Arts Culture, art lessons, oil paintings, Graphic Art, modern sculpture, portraits photographs, Feng Shui decorating tips, global museum, italian painting, art deco furniture, art nouveau, living room home decor, japanese crafts,  landscape gardening, home decor
Goran Simic
poet, short story writer, essayist.
Immigrant Blues released spring 2003 on Brick Books Canada
Work in Progress: An Anthology of Canadian Poetry, translated into Serbo-Croatian.
Your first name:

Your URL:

Your message :

Goran Simic

for Fraser Sutherland

A lamb escaped from me
and I sent the wolf to bring it back.
such lambs loiter about the forest,
and leave droppings where I like to watch the valley.
I am afraid something might happen to the wolf.
There are many fugitive lambs
very few such faithful wolves.
Years pass before you train them
not to look you in the eyes
but at your hands.

I've read in an encyclopedia
how many people were killed in Auschwitz.
Like lambs.
Later I read a book about the same camp
but 308 victims were missing from the list.

Between those two books
my wolf treads in the deep snow
and draws a thick red line with his tail,
contentedly sniffing the air.
The spring is coming again
when the snow melts as fast as memory
and lambs feel the urge to escape.


Immigrant Blues
(Brick Books Canada, 2003)
Book of Wondering
(Knjiga Lutanja - Rad Beograd, 2002)
Alledaagse Adam
(Atlas, Amsterdam, Holland,1999)
Peace and War (with Fraser Sutherland)
(Limited edition, Toronto, Canada 1998)
Sprinting from the gravetard
(Oxford University Press, England, 1997)
Sorrow of Sarajevo
(Cargo press, England, 1996)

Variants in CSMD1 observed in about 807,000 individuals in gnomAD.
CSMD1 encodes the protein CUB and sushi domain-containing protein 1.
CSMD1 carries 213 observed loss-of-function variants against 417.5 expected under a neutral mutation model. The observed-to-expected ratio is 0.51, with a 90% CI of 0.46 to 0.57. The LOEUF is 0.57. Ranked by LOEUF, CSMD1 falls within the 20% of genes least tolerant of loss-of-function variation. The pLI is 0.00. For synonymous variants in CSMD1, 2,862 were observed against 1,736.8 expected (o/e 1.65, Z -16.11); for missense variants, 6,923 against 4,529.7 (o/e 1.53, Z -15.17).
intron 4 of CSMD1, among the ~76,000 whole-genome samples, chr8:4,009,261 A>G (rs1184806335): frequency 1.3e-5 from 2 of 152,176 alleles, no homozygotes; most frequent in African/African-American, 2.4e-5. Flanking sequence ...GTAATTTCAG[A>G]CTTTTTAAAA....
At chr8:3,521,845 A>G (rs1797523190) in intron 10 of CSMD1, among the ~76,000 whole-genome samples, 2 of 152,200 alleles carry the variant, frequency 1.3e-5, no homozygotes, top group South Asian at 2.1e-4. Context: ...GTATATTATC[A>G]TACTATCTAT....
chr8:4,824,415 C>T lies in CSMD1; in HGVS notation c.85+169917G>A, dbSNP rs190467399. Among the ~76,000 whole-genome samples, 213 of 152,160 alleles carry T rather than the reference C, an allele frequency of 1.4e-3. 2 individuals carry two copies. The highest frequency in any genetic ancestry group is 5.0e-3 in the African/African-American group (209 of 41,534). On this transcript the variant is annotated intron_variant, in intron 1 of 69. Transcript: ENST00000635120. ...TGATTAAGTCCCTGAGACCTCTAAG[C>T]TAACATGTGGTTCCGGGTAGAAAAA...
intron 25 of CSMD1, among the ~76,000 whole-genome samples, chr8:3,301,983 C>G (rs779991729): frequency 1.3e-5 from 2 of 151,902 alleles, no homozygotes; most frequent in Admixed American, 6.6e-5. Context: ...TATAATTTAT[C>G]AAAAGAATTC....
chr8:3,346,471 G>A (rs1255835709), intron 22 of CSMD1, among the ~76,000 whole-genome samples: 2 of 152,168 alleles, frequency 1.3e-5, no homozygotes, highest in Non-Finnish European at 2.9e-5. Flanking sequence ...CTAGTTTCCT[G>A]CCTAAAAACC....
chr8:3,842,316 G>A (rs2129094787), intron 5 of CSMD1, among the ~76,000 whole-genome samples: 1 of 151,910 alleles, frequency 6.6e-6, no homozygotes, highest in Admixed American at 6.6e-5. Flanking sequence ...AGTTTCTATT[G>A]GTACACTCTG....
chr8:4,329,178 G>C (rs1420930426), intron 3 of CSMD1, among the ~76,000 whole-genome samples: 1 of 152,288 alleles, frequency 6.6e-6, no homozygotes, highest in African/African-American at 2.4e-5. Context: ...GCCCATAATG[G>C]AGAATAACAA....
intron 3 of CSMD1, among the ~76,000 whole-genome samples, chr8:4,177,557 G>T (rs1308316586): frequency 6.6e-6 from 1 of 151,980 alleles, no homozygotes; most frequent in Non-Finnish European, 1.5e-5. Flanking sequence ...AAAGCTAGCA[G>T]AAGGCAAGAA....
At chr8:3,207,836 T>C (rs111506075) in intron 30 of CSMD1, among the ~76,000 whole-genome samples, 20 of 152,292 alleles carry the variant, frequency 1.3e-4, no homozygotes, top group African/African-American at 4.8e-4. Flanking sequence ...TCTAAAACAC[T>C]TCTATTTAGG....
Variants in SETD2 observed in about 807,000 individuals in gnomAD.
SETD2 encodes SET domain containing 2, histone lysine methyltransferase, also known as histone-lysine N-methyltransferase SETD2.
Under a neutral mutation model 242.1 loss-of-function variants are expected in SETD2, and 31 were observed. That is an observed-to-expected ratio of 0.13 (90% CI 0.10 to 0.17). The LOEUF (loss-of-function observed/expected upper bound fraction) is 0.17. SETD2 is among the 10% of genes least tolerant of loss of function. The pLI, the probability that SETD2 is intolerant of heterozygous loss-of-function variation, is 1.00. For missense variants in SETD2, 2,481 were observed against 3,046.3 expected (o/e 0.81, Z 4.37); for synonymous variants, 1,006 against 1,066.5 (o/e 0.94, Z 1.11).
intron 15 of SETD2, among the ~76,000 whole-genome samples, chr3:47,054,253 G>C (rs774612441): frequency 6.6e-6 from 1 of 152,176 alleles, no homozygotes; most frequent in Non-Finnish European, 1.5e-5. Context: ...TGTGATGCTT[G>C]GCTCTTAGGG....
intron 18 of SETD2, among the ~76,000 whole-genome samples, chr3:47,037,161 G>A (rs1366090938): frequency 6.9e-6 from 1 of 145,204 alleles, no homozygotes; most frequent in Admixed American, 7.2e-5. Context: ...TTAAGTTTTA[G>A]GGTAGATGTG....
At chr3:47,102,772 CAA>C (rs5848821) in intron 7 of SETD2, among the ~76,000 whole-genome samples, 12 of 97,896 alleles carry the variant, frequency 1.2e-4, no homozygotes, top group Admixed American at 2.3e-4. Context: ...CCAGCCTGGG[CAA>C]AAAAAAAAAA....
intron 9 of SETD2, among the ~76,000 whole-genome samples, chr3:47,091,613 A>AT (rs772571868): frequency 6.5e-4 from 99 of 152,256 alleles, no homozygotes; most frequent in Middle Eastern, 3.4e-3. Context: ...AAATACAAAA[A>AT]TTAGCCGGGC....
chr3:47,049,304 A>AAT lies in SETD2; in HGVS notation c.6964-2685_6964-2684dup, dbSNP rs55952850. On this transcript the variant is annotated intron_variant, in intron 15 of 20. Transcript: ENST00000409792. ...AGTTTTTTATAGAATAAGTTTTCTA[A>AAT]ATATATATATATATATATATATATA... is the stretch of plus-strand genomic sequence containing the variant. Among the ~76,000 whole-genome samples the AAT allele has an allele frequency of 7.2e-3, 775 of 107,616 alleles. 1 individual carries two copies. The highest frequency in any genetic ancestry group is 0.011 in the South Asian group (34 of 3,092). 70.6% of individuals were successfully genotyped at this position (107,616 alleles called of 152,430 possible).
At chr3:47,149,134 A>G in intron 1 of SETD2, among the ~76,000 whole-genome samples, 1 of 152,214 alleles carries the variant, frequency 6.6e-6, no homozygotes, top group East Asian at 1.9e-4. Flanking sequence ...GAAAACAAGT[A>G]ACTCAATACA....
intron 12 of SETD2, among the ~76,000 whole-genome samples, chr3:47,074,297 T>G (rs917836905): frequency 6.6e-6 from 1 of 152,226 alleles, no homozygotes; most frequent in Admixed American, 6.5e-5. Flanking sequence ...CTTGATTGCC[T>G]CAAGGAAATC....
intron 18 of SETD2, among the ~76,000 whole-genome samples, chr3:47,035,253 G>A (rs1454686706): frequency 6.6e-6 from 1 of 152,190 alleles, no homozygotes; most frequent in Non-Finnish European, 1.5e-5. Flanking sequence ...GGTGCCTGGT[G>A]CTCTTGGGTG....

Sarajevo Sorrow
(MCZM, Bosnia-Herzegovina, 1995)
Sarajevos Sorg
(Sypress Forlag, Norway, 1995)
Sarajevos Sorg
(Studiekamraten, Sweden, 1995)
Sarajevo - ojeblikke af en krig
(Gyldendal, Denmark,1995)
Placz Sarajewa
(Pogranicze, Poland, 1995)
Sarajevon Suru
(WSOY, Finland,1994)
Sarajevska tuga
(IN Press, Serbia, Studio B-92, Serbia,
Vodnikova Domacija, Slovenia, 1994)
Fantasy book
(Svjetlost, Bosnia-Herzegovina, 1989)
A step into the dark
(Svjetlost, Bosnia-Herzegovina, 1987)
Selected poems
(Svjetlost, Bosnia-Herzegovina, 1985)
(V.Maslesa, Bosnia-Herzegovina, 1982)
(V.Maslesa, Bosnia-Herzegovina, 1977)
A period next to a circle or a journey
(Svjetlost, Bosnia-Herzegovina,1976)


Three plays for puppets
(Bosnia-Herzegovina, 1998)
A fairy tale about Sarajevo
Roentgen S, Germany 1995)


Wind in Uniform-comedy
London under siege (libretto),
composed by David Wilde
(National Theatre Hannover, 1999)
Europe, (libretto)
composed by Nigel Osborne
(National Theatre Sarajevo, 1995)


Where is winter (1988,1989, 1996)
A fairy tale about Sarajevo (1994)
Marko the prince and the Fairy (1988)
A cubical ball (1987)
Spring, Summer, Fall (1986)
The little match girl (1985)
Thumbellino the lanky (1986)

My poetry was included in several
world anthologies in several languages:

101 Poems Against War
by Faber and Faber (2003)
Scanning the Century
by Penguin books (2000)
Banned poetry
by Index of censorship (1997)


Strange Things Happen Here - prose poetry
7 Sad Stories - short stories